Underwater robots listen for whales

Underwater robots listen out for whales even in the middle of a raging storm
11 May 2011

Interview with 

Mark Baumgartner, Woods Hole Oceanographic Institution


Ocean glider


Mark - Well one of the reasons we wanted to look into autonomous vehicles, or you can think of them as robots, to go to sea to do work for us is that it's very difficult to access marine mammals often.

It's expensive to go out on ships, and there's lots of times when we can't actually observes marine mammals. So for instance during difficult weather and when animals go far off shore it becomes difficult to get ships out to access them.

Ocean gliderA friend of mine, who works here at the Woods Hole Oceanographic Institution in the physical oceanography department, he has built a career on using these autonomous underwater vehicles for his physical oceanographic research.

And so we got together with the idea of equipping these vehicles with passive acoustic recorders. So not only can they be collecting a lot of oceanographic information but they can be listening for marine mammals as well.

And so in 2005 we developed a digital acoustic recorder and we put it on a glider and tried it for 5 days out off the coast of Massachusetts here.

We didn't realize we were going to have such a spectacular demonstration of this technology. When we put these things in the we put these things in the water a Noreaster, which is a powerful storm here on the east coast of the US, blew through the area when the gliders where in the water.

We were actually at sea at the time, trying to do research on North Atlantic right whales and we had to leave the area and come home, the storm was so intense. There were gale force winds, seas were up I think over 15 feet. These are conditions that are just not possible for us to work. But the gliders - no problem at all!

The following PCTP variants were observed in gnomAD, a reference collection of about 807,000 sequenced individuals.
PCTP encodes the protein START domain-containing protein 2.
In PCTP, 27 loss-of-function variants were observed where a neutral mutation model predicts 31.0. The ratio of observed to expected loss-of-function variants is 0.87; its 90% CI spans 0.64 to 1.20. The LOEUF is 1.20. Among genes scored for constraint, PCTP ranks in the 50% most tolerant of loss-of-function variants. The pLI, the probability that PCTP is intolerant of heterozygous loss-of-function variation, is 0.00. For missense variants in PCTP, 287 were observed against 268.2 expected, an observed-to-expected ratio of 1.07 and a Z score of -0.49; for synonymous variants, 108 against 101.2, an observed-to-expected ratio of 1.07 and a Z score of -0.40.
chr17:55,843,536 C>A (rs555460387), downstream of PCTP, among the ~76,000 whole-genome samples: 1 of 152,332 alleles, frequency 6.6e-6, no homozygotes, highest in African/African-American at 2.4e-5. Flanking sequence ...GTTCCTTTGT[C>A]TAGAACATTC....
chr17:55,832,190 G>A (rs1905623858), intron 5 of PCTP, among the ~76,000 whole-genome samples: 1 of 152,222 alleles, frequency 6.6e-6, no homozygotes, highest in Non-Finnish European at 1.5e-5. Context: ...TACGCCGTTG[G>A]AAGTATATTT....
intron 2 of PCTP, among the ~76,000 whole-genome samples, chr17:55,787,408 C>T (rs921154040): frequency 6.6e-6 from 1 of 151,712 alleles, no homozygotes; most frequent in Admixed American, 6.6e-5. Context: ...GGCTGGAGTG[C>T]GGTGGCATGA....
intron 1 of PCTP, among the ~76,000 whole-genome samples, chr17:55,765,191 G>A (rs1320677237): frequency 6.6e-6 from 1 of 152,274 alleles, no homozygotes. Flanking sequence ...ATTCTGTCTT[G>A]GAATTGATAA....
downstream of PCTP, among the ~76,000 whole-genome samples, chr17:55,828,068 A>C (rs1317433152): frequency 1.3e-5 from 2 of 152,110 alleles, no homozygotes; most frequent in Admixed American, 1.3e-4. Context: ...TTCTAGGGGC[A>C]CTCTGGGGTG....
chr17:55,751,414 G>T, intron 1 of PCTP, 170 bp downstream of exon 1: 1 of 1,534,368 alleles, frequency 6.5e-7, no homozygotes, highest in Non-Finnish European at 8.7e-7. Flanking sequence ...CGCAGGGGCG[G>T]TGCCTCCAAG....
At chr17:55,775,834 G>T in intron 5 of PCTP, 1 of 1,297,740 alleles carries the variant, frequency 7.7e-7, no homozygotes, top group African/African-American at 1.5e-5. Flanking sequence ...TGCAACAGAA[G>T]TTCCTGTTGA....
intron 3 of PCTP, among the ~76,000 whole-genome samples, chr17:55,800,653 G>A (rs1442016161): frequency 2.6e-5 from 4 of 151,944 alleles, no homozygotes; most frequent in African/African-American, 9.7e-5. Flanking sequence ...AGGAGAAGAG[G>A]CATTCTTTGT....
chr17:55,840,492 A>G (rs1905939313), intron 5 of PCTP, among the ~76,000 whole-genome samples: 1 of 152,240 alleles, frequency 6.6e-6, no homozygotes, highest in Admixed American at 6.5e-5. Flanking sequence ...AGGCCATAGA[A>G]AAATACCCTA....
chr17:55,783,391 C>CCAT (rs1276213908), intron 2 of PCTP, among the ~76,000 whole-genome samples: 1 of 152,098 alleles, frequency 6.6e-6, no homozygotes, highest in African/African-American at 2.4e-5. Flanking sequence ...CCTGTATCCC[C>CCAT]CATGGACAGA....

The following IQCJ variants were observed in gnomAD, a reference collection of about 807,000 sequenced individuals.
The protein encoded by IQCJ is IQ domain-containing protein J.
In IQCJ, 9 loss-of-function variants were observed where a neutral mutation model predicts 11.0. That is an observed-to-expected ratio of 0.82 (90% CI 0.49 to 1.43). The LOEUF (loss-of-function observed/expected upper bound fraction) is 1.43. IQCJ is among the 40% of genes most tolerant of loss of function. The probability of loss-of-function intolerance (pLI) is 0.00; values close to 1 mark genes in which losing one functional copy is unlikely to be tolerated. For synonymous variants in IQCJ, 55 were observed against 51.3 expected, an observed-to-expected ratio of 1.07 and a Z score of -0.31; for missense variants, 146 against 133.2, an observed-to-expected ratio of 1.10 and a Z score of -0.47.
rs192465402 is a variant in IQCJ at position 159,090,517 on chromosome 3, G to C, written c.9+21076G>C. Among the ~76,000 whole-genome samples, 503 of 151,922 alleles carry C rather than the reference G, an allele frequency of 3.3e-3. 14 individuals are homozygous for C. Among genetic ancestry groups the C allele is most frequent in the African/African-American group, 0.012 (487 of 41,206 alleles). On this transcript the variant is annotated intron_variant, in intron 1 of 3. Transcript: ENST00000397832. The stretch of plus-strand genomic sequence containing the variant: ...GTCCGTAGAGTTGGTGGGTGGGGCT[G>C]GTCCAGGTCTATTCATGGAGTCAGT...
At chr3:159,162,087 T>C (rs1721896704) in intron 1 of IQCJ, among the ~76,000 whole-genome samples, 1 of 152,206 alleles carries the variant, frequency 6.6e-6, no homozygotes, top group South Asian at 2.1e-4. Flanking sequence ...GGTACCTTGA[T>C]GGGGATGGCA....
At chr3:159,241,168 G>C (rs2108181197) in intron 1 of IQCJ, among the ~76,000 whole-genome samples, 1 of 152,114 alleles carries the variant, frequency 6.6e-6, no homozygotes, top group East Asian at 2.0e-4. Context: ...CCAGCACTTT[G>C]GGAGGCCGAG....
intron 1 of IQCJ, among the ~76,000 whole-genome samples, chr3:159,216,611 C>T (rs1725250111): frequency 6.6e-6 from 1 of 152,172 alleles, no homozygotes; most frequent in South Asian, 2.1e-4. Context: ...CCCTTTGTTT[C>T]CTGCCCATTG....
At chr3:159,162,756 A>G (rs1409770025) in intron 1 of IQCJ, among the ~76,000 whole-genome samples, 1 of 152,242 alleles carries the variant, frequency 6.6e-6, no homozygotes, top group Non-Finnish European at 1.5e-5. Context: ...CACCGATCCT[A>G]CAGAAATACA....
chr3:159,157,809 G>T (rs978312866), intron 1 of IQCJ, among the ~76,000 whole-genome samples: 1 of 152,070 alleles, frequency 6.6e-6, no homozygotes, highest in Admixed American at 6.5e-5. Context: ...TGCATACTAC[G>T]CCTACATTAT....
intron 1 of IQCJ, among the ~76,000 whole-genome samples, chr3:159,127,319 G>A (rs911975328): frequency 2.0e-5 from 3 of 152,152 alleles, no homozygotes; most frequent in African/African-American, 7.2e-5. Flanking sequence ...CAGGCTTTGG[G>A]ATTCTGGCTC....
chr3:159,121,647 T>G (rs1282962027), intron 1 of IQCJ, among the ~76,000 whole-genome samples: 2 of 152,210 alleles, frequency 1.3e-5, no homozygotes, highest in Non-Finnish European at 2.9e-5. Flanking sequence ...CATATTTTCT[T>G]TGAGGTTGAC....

So they proved why we wanted to use them, right off the bat.

And they did a great job. They stayed at sea, they collected a lot of information, and the recordings were just wonderful that we got back.

Helen - What do these AUVs, these autonomous underwater vehicles, or ocean gliders, what do they look like? And how do you control them?

Mark - So, the ocean gliders the have long endurance because there's no motors associated with them. So the way they work, is they go up and down in the water column using what's called a buoyancy pump. They just suck in some seawater to become heavier than the surrounding water, and they sink. And when they get to the bottom of their dive they spit that water back out and they become buoyant and they float.

They have little stubby wings attached so that when they're going up and down, those wings provide a little lift, exactly the way and airplane glider works. 

The gliders themselves are sort of 4-feet long, maybe less than a foot in diameter. And so they're not very big. We paint them bright yellow so that we can see them. The way we operate them, is that they go to see, and we usually give them something to do. So, go to point A please, or stay in this one location.

And so they'll dive regularly to the bottom or to some specified depth then come back up to the surface. And every once in a while when they come back to the surface they sort of stick their but out of the water, and they have a GPS a Global Positioning System receiver on board, so they know where they are. And they also have a satellite phone, so they can phone home and tell us where they are and what they've been doing and what they've measured. We can see in real time what the water is like.

At that point we can communicate with the glider, it's a 2-way communication. You can say ok you've arrived at point A, please now go to point B.

And so you can sort of drive them but you're not sitting in the drivers seat necessarily, you're just telling the vehicle what to do, and it works out which direction it needs to go, how fast it needs to go.

Helen - Fantastic. And you said that a couple of years ago, you've tried one out and it seemed to work all the way through this great big storm and was wonderful for a few days.